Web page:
The market for clinical information technology should stay hot for a long time as healthcare organizations employ IT in the "reinvention" of care delivery, a leading technology executive says.
Addressing a healthcare investors' conference in Las Vegas on Tuesday, McKesson Corp. Chairman, President and CEO John Hammergren said the company's revenues from information technology should grow by at least 10% this year and could possibly accelerate in the future.
"We see a consistent growth in IT spend for at least the next 10 years," Hammergren says.
Much of that will be fueled by software sales, he predicts. Says Hammergren: "We think clinical software spend (growth) is somewhere in the range of 20%," for fiscal year 2003, which ends next Monday.
For the third fiscal quarter, which ended Dec. 31, the San Francisco-based company reported a 63% growth in software revenues vs. the same period a year earlier. Total IT revenues increased by 19% year-on-year, to $295.3 million.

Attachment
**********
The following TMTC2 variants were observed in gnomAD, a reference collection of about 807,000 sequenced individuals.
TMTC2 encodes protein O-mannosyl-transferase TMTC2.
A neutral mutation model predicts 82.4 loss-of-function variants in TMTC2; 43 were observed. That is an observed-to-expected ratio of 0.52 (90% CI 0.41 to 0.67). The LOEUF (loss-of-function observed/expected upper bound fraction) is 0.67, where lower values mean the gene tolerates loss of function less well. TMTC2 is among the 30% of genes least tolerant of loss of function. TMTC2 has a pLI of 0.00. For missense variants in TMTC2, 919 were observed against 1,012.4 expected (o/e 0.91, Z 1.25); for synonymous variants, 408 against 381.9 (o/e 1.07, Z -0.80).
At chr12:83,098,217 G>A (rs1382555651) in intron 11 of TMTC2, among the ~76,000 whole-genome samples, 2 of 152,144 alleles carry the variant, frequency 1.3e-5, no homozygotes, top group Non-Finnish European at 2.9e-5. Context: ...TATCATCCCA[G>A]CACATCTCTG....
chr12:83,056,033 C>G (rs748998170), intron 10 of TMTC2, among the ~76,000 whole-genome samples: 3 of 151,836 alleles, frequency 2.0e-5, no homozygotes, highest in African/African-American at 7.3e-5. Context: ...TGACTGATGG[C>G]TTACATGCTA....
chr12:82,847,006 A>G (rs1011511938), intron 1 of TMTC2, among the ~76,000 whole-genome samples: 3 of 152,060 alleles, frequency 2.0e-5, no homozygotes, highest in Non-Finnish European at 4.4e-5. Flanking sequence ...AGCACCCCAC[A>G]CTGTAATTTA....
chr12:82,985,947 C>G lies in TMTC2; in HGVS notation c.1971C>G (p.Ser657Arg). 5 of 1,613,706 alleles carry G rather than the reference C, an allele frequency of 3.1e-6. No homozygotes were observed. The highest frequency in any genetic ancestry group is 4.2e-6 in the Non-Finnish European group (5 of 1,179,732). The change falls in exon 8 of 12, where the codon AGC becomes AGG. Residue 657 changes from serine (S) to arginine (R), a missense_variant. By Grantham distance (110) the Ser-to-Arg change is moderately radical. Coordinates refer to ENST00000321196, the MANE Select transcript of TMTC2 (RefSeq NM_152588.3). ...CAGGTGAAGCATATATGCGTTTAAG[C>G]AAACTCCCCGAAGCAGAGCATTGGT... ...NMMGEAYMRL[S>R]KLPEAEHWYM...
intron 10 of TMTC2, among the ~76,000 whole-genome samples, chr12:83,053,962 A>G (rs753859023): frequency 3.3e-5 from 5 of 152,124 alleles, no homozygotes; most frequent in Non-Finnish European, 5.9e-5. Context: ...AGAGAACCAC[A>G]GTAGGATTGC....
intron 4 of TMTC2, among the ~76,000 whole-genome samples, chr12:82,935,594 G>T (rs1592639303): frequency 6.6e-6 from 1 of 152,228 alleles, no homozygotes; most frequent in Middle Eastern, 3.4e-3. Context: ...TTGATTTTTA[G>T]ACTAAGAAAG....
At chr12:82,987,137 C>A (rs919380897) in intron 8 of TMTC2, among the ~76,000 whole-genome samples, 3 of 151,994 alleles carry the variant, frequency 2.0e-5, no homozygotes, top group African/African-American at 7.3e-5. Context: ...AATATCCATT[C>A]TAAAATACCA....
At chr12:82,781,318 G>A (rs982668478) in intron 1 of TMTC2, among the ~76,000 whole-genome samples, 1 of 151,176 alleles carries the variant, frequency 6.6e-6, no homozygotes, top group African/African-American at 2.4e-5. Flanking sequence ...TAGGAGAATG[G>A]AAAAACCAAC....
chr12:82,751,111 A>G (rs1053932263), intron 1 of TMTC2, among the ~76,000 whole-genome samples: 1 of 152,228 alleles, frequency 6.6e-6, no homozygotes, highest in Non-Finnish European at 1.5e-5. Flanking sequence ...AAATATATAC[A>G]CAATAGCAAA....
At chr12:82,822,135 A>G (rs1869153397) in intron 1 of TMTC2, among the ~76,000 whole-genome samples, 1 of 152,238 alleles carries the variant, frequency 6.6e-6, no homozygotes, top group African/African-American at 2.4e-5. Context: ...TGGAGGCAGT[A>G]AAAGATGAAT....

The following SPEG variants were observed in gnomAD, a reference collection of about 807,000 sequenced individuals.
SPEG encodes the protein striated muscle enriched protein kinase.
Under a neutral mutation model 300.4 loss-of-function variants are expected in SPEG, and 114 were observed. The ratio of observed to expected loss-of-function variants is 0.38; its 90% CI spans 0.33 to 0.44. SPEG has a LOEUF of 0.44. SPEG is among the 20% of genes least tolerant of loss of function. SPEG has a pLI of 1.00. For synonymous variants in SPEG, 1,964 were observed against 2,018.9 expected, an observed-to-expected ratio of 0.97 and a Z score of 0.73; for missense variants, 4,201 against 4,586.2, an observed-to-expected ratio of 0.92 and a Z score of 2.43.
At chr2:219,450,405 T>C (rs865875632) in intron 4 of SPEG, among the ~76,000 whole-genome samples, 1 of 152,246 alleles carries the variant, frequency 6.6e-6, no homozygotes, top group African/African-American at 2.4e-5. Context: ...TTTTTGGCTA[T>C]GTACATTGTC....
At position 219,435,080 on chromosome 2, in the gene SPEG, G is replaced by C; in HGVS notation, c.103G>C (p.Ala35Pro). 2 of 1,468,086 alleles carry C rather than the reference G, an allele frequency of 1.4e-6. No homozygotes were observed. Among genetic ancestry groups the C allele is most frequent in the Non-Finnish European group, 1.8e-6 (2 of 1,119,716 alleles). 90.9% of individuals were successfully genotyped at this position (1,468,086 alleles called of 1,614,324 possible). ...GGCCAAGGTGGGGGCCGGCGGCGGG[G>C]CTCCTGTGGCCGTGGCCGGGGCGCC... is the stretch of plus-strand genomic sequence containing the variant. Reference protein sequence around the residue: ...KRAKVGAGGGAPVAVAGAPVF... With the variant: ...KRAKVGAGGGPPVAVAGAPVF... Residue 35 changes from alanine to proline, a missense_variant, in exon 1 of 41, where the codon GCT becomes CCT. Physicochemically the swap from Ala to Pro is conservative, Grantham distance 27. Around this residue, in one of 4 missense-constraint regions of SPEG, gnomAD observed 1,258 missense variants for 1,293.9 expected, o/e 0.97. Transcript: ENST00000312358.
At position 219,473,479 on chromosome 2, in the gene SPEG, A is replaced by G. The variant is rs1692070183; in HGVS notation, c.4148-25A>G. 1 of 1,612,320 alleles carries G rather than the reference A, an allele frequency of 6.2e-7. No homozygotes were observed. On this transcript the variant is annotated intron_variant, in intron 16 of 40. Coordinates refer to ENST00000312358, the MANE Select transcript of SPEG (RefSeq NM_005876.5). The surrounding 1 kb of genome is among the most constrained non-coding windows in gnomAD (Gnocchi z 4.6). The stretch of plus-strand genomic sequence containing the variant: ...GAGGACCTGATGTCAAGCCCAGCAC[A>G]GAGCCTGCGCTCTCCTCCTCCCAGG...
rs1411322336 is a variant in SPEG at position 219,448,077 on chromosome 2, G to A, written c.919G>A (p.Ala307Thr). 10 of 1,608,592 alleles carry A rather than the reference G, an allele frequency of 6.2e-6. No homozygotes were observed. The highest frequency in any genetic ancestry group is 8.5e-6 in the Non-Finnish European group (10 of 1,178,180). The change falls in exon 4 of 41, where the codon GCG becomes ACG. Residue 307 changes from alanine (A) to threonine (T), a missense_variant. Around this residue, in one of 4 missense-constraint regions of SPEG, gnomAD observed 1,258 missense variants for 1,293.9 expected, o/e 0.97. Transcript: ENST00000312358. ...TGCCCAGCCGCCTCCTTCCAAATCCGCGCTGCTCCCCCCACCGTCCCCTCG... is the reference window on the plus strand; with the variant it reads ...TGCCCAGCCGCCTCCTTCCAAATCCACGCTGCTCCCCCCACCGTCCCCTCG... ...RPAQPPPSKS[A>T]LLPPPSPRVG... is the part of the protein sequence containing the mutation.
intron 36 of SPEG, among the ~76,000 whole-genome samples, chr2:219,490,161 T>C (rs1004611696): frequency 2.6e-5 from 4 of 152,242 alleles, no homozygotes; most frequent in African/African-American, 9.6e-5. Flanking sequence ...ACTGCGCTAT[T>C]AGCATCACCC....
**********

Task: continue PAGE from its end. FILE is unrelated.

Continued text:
The steep growth curve may flatten out a bit in the future, according to Hammergren, because he sees more healthcare organizations spreading out their IT investments over a period of several years rather than making one large purchase.
The most recent quarterly result does not account for Horizon Expert Orders, a computerized physician order entry system that McKesson brought to market in December. Hammergren says he is counting on CPOE to help "drive (profit) margin expansion."
Hammergren says the firm does not record revenue from its healthcare software until it actually completes installation of the product. Most of the software revenue booked in the third quarter was based on sales made in fiscal year 2002, he says.
The company chief says that CPOE, along with electronic medical records, digital imaging and comprehensive hospital and pharmacy information systems, is pushing "the reinvention of healthcare through information technology."
Though McKesson generates more than $1 billion annually from its information technology division, the company still draws the vast majority of its business from pharmaceutical distribution and services.